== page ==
This meeting was organized by Sandia National Labs and Stanford University

and supported by the CSRI. Authors and titles are given below (in order

of their presentation at the meeting).

Author Title

Pavel Bochev A discourse on regularization and finite element

solution of saddle-point problems

Andy Wathen Preconditioning for the Saddle-point Problems of

Incompressible Fluid Mechanics

Howard Elman Preconditioning Strategies for Models of Incompressible Flow

Joe Pasciak Iterative Solution of Symmetric Saddle Point Problems

Gene Golub A Preconditioner for Generalized Saddle Point Problems

A Nonsymmetric Preconditioning for Saddle Point Problems

Chris Newman Saddle Point Systems that arise in exponential integration

of the incompressible Navier-Stokes equations

Dan Loghin Schur Complement Preconditioners for Elliptic Systems of PDE

Daniel White Saddle Point Problems in Computational Electromagnetics

Valeria Simoncini Block Preconditioners for mixed finite element formulations

of the magnetostatic problem

Peter Arbenz Multilevel preconditioners for solving eigenvalue problems

occurring in the design of resonant cavities

Clark Dohrmann Saddle Point Problems in Elasticity: Motivation and Methods

of Solution

Mark Adams Algebraic multigrid methods for discretized saddle point

problems with application to contact problems

Eric de Sturler Preconditioners for Generalized Saddle-Point Problems

Chen Greif Block Preconditioning for Saddle Point Linear Systems

Ray Tuminaro Meros/TSF: Block Preconditioning Software

Michael Saunders Interior Methods for Optimization, with application to

Maximum Entropy problems

Omar Ghattas Saddle Point Systems in PDE-Constrained Optimization

------------------------------

From: Xiaoye S. Li <xsli@lbl.gov>

Date: Fri, 16 Jan 2004 14:06:28 -0800

**Subject: Bay Area Scientific Computing Day**

Lawrence Berkeley National Laboratory will host the Fifth

Bay Area Scientific Computing Day (BASCD) on Saturday, March 13, 2004.

The BASCD is an informal gathering to encourage the interaction and

collaboration of researchers in the field of computational science

and engineering from the San Francisco Bay Area. This event provides

a great venue for junior researchers to present their work to the

local community, and for the Bay Area scientific computing and

computational science communities at large to exchange views on

today's multidisciplinary computational challenges and

state-of-the-art developments.

The Fifth BASCD will include 10 technical talks, a 60-minute panel,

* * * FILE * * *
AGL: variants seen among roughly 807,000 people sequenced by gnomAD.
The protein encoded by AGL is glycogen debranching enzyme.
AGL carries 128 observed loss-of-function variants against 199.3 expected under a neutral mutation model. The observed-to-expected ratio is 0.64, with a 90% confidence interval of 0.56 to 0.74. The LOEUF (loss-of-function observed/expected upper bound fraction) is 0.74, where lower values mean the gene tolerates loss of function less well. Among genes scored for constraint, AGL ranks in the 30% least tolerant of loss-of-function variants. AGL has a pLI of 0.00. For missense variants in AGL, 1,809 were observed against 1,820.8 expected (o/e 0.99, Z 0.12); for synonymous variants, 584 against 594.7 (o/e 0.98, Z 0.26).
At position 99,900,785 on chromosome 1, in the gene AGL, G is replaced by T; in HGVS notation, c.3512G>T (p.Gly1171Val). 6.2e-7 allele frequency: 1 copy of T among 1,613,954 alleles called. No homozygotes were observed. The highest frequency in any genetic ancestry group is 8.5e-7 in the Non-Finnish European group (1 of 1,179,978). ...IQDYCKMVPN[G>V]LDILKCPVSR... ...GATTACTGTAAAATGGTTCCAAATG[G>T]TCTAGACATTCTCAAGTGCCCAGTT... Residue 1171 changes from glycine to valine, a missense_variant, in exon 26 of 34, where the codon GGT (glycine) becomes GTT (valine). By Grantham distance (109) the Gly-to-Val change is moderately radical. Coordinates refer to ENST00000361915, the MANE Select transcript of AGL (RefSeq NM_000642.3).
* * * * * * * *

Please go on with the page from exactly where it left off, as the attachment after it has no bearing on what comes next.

and 10 poster presentations. In addition, it will include breakfast,

coffee and lunch breaks that provide opportunities for networking.

The registration form, the detailed logistics, and the program will be

posted at the following web stie: http://hpcrd.lbl.gov/SCG/BASCD

Organizers:

Tony Drummond (ladrummond@lbl.gov)

Parry Husbands (pjrhusbands@lbl.gov)

Sherry Li (xsli@lbl.gov)

Osni Marques (oamarques@lbl.gov)

------------------------------

From: S. S. Ravindran <ravinds@email.uah.edu>

Date: Thu, 15 Jan 2004 17:14:05 -0600

**Subject: Distinguished Lecture at University of Alabama in Huntsville**

University of Alabama in Huntsville Mathematical

Sciences Department 2004 Distinguished Lecture

Friday, February 13th - 1:45 p.m.

McDonnell Douglas Auditorium, Rm 100, Material Science Building

University of Alabama in Huntsville

Title: "Centroidal Voronoi tessellations: algorithms and applications"

Prof. Max Gunzburger

Department of Mathematics and CSIT

Florida State University

Abstract:

Centroidal Voronoi tessellations (CVTs) are special Voronoi diagrams

for which the generators of the diagrams are also the centers of mass

(with respect to a given density function) of the Voronoi cells. CVTs

have many uses and applications, several of which we discuss. These may

include data compression, image segmentation, clustering, cell biology,

territorial behavior of animals, resource allocation, grid generation

in volumes and on surfaces, meshless computing, hypercube sampling, and

reduced-order modeling. We then discuss deterministic and probabilistic

methods for determining CVTs, including some new probabilistic methods

that are amenable to parallel processing.

Bio: Prof. Max Gunzburger is the Francis Eppes Distinguished

Professor of Mathematics at Florida State University. Before moving to

Florida, he was Distinguished Professor of Mathematics and Chairman of

Department of Mathematics at Iowa State University (1986-2002). Prior

to that he was professor of Mathematics at Virginia Tech (1986-96),

Carnegie Mellon University (1981-89) and University of Tennessee

at Knoxville (1976-81).

Prof. Gunzburger obtained his Ph.D., M.S. and B.S from New York

University

and was a NRC post-doctoral Research Fellow at Naval Ordinance

Laboratory.

His specialties include numerical analysis, finite element methods,

mathematical modeling, partial differential equations, fluid

mechanics, flow control and superconductivity.

He is the editor-in-chief of SIAM Journal in Numerical Analysis.

------------------------------

From: Jerzy Wasniewski <jw@imm.dtu.dk>

Date: Sun, 11 Jan 2004 20:46:24 +0100 (MET)

**Subject: Workshop in Denmark on High Performance Computing**